Ok, let’s get it out of the way. This movie is mainly known for having the complete “Who’s On First?” comedy routine done by Bud and Lou (as compared to the partial routine used in One Night In The Tropics). Reportedly, the director had trouble filming it, as the boys caused the crew to burst into laughter every time they tried to film it, and so that laughter ended up being left in. Now, personally, I can’t claim to have heard it, but for good reason: I’m just as prone to cracking up every time I watch them do it myself, so it’s hard for me to hear anything in the background over my own laughter! “Who’s On First?” was later inducted into the National Baseball Hall Of Fame, and it is this version from The Naughty Nineties that has been playing there on monitors continuously ever since.

But “Who’s On First?” is hardly the only reason to watch this movie. The boys also have a few other routines, including “Higher/Lower” (a.k.a. “My Bonnie Lies Over The Ocean”) and “Feathers In The Cake.” And I certainly get a kick out of watching them deal with a sleepwalking Bailey (as played by Joe Sawyer), when he constantly attacks Lou and then pauses to say “I Must Tell This To The General” (sure, it’s not exactly politically correct, since he believes he is fighting Indians, but it’s still a fun scene, just the same). And then there’s Lou with the “catfish burgers” (or maybe I should say “cat”)! Just many wonderful moments!

I can’t deny that this movie reminds me of the 1936 Show Boat. And well it should, considering they re-used the river boat from that film as the River Queen in this one. Admittedly, The Naughty Nineties doesn’t compare to that movie. While my ratings are the same between the two, my opinion of Show Boat is reflective of what I think of that movie as a whole, while my rating of The Naughty Nineties is based on the goodwill garnered from watching Bud and Lou, ESPECIALLY with their “Who’s On First?” routine, as the music and romance of this movie are not its strengths.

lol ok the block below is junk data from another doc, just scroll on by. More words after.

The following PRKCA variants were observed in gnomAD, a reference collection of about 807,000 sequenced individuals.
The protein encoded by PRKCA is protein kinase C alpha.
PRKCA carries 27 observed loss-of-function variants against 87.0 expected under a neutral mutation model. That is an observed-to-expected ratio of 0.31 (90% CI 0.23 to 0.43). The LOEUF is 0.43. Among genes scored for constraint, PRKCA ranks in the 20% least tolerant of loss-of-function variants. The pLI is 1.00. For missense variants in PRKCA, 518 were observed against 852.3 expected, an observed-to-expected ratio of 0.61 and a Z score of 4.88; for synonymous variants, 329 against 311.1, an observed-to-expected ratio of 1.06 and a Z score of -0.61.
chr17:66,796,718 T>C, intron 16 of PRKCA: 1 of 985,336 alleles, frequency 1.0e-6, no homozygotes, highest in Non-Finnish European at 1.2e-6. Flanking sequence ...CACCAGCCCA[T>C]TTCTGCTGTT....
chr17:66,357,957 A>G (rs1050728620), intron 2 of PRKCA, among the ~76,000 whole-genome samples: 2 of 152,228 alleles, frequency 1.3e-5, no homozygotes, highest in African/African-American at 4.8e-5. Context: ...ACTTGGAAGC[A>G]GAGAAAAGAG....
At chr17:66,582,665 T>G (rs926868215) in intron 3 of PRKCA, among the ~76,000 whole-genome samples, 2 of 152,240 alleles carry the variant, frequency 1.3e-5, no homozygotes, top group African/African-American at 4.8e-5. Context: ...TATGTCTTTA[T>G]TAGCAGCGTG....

Still, it’s a good Code movie. All the violence is very comical in nature, whether it be in some of Bud and Lou’s routines, or their fight with the bad guys to end the movie. Obviously, there’s no swearing, with Lou’s line “I don’t give a darn” from “Who’s On First? being as close as it gets. And while we do see the gamblers in charge for a while, it’s obvious that they will be caught by the end of the movie. But I do enjoy this movie a lot! To see Bud and Lou do one of their best-known routines is well worth it, and it’s very easy to recommend this one!

This movie is available on Blu-ray from Shout! Factory as part of the 28-film The Complete Abbott & Costello Universal Pictures Collection, and is one hour, sixteen minutes in length.

My Rating: 10/10

Audience Rating:

List Of Actor/Actress Filmographies/Collections

Here Come The Co-Eds (1945) – Bud Abbott/ Lou Costello – Abbott And Costello In Hollywood (1945)

Here Come The Co-Eds (1945) – The Complete Abbott And Costello Universal Pictures Collection – Little Giant (1946)

Coming Up Shorts! with… We’re On Our Way To Rio (1943)

(available on Blu-ray and DVD as part of Popeye The Sailor: The 1940s Volume 1 from Warner Archive Collection)